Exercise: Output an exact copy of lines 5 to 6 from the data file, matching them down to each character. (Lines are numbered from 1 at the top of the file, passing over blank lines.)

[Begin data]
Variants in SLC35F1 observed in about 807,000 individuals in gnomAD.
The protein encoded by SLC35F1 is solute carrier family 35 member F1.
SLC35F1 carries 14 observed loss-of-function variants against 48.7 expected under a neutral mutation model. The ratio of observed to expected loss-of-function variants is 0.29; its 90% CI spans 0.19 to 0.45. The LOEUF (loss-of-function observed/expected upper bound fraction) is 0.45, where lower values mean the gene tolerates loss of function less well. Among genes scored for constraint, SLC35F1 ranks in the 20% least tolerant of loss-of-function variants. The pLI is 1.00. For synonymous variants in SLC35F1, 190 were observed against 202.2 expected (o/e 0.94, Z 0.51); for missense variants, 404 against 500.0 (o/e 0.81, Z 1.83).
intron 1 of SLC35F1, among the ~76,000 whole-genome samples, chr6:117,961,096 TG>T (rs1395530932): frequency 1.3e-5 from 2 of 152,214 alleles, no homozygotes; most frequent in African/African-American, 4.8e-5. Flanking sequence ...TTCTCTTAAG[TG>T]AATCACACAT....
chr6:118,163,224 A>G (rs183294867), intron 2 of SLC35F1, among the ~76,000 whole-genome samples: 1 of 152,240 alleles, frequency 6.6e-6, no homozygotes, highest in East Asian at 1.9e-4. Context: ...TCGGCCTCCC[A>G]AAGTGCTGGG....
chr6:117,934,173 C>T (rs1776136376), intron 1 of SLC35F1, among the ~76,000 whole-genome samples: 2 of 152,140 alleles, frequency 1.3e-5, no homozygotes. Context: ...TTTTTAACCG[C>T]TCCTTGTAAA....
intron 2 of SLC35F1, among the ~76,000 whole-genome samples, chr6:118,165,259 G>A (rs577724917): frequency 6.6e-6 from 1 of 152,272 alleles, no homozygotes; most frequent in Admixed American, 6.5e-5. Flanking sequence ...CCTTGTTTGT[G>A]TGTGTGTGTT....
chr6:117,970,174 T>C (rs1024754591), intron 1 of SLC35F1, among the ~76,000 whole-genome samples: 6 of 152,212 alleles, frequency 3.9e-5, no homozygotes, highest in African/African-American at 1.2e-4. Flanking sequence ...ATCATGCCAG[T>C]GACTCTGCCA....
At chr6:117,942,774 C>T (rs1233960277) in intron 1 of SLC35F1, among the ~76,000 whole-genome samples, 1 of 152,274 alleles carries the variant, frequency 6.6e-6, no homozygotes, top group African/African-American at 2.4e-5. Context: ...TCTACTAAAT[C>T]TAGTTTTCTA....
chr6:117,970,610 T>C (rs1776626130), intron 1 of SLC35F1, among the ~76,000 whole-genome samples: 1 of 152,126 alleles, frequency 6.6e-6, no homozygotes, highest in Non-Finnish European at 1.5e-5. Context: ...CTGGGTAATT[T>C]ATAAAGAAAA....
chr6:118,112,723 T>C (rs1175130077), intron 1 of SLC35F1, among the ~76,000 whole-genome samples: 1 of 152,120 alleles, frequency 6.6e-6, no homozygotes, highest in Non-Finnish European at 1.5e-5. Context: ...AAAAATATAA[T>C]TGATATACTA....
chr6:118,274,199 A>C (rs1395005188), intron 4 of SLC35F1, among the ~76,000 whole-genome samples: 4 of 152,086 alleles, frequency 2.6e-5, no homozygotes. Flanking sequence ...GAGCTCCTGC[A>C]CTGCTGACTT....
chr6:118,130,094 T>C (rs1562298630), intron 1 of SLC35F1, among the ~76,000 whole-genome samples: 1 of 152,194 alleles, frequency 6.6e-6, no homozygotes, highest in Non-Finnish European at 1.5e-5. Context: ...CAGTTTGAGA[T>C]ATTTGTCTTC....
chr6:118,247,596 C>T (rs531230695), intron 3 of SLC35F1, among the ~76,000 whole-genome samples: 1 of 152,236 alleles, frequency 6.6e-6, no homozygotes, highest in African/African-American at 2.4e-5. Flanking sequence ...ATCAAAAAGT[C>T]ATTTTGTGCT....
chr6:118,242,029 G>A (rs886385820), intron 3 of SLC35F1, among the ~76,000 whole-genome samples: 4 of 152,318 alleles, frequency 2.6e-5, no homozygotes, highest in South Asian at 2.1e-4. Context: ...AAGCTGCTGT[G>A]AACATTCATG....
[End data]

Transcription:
chr6:118,163,224 A>G (rs183294867), intron 2 of SLC35F1, among the ~76,000 whole-genome samples: 1 of 152,240 alleles, frequency 6.6e-6, no homozygotes, highest in East Asian at 1.9e-4. Context: ...TCGGCCTCCC[A>G]AAGTGCTGGG....
chr6:117,934,173 C>T (rs1776136376), intron 1 of SLC35F1, among the ~76,000 whole-genome samples: 2 of 152,140 alleles, frequency 1.3e-5, no homozygotes. Context: ...TTTTTAACCG[C>T]TCCTTGTAAA....